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Asheville businesses may see more lending under new state fund



6/22/2011 - Asheville businesses may see more lending under new state fund
by Dale Neal - Asheville Citizen Times



       ASHEVILLE -- Entrepreneurs across North Carolina having a hard time getting banks to back their new businesses may find better luck with a new $46.1 million state reserve to back loans.

The 300 members attending the annual conference of the N.C. Economic Developers Association that wrapped up Thursday at the Grove Park Inn heard a lot about the N.C. Capital Access Fund, a new financial tool that could help them boost businesses and hire more people in their communities.

"It's the first of its kind in the nation," explained Dale Carroll, deputy commerce secretary and the former president of AdvantageWest. The federal funding for the program was approved under the Small Business Jobs Act of 2010 and is available in all 100 counties of North Carolina. The program is expected to result in $800 million in business loans at a time when many entrepreneurs say banks have been reluctant to lend to small businesses.

Some 52 banks have agreed to participate in the program, including Asheville Savings Bank, Blue Ridge Savings and Champion Credit Union in Western North Carolina.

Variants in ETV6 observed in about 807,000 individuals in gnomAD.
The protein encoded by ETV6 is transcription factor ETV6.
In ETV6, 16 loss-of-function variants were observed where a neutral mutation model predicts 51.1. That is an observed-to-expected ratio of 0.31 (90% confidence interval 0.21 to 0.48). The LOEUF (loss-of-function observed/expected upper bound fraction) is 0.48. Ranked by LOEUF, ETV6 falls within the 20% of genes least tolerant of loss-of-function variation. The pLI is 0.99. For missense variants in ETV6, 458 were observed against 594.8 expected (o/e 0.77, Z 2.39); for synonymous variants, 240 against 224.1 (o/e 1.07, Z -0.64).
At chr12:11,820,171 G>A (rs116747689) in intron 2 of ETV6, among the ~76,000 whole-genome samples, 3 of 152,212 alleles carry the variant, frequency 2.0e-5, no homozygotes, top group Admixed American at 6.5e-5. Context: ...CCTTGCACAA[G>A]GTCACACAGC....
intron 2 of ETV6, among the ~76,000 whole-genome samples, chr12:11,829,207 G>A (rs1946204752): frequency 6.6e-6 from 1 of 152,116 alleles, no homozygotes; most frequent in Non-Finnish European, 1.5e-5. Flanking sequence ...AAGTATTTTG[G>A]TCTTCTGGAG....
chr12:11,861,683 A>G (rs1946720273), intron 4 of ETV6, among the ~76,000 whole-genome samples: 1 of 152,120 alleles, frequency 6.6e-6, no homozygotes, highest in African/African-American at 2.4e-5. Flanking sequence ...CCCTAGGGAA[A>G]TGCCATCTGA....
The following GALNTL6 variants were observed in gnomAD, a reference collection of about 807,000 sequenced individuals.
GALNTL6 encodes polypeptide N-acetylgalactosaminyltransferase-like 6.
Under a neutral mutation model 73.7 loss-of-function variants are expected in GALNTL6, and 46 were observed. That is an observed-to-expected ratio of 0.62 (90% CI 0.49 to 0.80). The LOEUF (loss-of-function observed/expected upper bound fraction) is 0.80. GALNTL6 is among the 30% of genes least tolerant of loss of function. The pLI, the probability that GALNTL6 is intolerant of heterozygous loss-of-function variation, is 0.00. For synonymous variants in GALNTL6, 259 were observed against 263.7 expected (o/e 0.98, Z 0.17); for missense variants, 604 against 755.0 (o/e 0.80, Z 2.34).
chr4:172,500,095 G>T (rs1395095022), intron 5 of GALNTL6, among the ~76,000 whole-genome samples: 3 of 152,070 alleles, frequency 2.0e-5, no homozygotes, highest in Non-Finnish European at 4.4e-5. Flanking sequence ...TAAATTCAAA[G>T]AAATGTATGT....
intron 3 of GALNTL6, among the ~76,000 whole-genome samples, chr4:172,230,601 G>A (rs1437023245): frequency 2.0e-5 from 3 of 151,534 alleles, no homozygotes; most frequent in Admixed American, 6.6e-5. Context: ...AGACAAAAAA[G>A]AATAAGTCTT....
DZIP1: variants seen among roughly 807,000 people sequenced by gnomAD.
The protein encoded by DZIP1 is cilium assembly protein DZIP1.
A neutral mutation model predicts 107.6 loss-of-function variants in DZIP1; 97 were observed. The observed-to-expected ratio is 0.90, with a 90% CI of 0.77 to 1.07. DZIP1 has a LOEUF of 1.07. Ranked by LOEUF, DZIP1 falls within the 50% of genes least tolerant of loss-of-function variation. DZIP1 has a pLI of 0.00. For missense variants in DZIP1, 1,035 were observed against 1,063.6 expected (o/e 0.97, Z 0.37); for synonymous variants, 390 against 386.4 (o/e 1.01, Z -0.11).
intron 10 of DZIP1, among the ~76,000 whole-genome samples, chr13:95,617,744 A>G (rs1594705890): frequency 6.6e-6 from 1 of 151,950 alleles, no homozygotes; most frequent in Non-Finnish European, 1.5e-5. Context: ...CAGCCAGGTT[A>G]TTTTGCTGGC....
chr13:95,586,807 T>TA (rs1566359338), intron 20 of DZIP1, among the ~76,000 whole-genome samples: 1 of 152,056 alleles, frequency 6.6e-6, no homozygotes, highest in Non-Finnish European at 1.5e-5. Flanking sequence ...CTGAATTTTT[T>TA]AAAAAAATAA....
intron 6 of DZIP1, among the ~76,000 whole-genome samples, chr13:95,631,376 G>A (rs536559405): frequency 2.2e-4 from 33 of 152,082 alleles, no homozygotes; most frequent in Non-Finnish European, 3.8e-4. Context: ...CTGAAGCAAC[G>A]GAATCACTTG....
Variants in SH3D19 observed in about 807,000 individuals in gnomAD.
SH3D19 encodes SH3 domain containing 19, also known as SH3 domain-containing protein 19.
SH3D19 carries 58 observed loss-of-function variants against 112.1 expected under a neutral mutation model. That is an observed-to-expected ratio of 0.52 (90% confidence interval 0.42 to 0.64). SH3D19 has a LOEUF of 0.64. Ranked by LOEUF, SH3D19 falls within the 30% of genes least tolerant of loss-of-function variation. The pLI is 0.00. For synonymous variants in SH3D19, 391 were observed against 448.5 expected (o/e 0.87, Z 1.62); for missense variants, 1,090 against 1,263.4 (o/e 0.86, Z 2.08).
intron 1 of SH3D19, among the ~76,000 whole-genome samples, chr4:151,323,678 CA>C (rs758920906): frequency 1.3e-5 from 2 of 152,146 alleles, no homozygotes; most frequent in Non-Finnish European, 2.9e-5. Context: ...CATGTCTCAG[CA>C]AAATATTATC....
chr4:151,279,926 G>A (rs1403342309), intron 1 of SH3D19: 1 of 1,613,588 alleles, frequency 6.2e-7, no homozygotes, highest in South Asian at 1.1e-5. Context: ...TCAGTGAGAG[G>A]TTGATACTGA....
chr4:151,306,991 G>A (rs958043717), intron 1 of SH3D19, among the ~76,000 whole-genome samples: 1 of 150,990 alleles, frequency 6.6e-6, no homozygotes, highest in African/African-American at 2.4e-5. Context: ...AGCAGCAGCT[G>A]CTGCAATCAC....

Entrepreneurs who could have found capital before the financial meltdown of 2008 brought business lending to a halt want to try again under the new NC-CAP program, said Leslie Scott, of the N.C. Rural Economic Development Center.

Banks still won't take on individuals who aren't credit-worthy, but the reserve will help temper the risk in case of a default.

The N.C. Rural Economic Development Center operated a similar and successful program from 1994-2008. During that time, $3.6 million in the reserve generated $103 million in business loans. A total of 1,850 loans allowed businesses to create or retain more than 27,000 jobs.

Lack of capital has been a major stumbling-block for businesses across North Carolina, conceded Bonnie Renfro, president of the Randolph County Economic Development Corp. and program chairwoman for the NCEDA conference.

"The whole idea of the conference is for folks to take back the ideas that will work in their community. We have to become more innovative to help get entrepreneurial growth back on track," Renfro said.

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